Nevertheless, it is not always easy to expose people to hours or days of research. Personality psychologists have there- fore often had to resort to fewer, and commonly, single sources of data. A critical task for a researcher therefore is to determine which assessment method to choose. In order to do this, of course, the researcher must know which assessment method assesses personality most accurately. There are several scien- tifi c methods to establish this and researchers today generally agree on which tests are most accurate. Nevertheless, not all well-established methods are suitable for all researchers. That is, there is no universal agreement. One major reason for this is that judging which method is best is not always a question of research data, but also a matter of theoretical perspective. Thus, psychologists may employ different assessment methods because their research often rests on different theoretical ideas about what personality is, what its underlying causes are, and how it is expressed. As mentioned before, a psychoanalyst would rarely employ self-reports simply because the theory asserts that many of the causes of a person’s thoughts, feelings, and behav- ior are not available to the person on a conscious level.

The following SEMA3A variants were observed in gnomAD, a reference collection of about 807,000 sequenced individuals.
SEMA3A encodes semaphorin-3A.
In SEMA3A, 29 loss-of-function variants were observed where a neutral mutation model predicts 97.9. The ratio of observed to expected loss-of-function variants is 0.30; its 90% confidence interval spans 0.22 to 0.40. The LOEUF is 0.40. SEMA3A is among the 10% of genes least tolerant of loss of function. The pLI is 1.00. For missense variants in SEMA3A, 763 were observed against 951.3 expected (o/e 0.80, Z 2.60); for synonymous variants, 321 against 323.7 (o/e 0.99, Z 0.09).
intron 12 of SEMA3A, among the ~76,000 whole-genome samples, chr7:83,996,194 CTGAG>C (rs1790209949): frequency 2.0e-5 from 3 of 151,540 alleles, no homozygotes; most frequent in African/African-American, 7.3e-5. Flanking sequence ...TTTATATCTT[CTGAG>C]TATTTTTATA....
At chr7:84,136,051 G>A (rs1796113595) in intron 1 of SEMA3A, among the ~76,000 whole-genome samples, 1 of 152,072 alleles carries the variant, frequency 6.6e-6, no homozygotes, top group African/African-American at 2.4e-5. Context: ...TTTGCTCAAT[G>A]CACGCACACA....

While there are different schools of thought, however, today the most commonly used source of data in personality psychol- ogy is self-reports. This may strike you as surprising. After all, self-reports, on the surface, appear to have several limitations (some of which already have been mentioned). Before you are

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Chamorro-Premuzic, T., & Ahmetoglu, G. (2012). Personality 101. Retrieved from http://ebookcentral.proquest.com Created from claflin on 2018-05-22 11:12:40.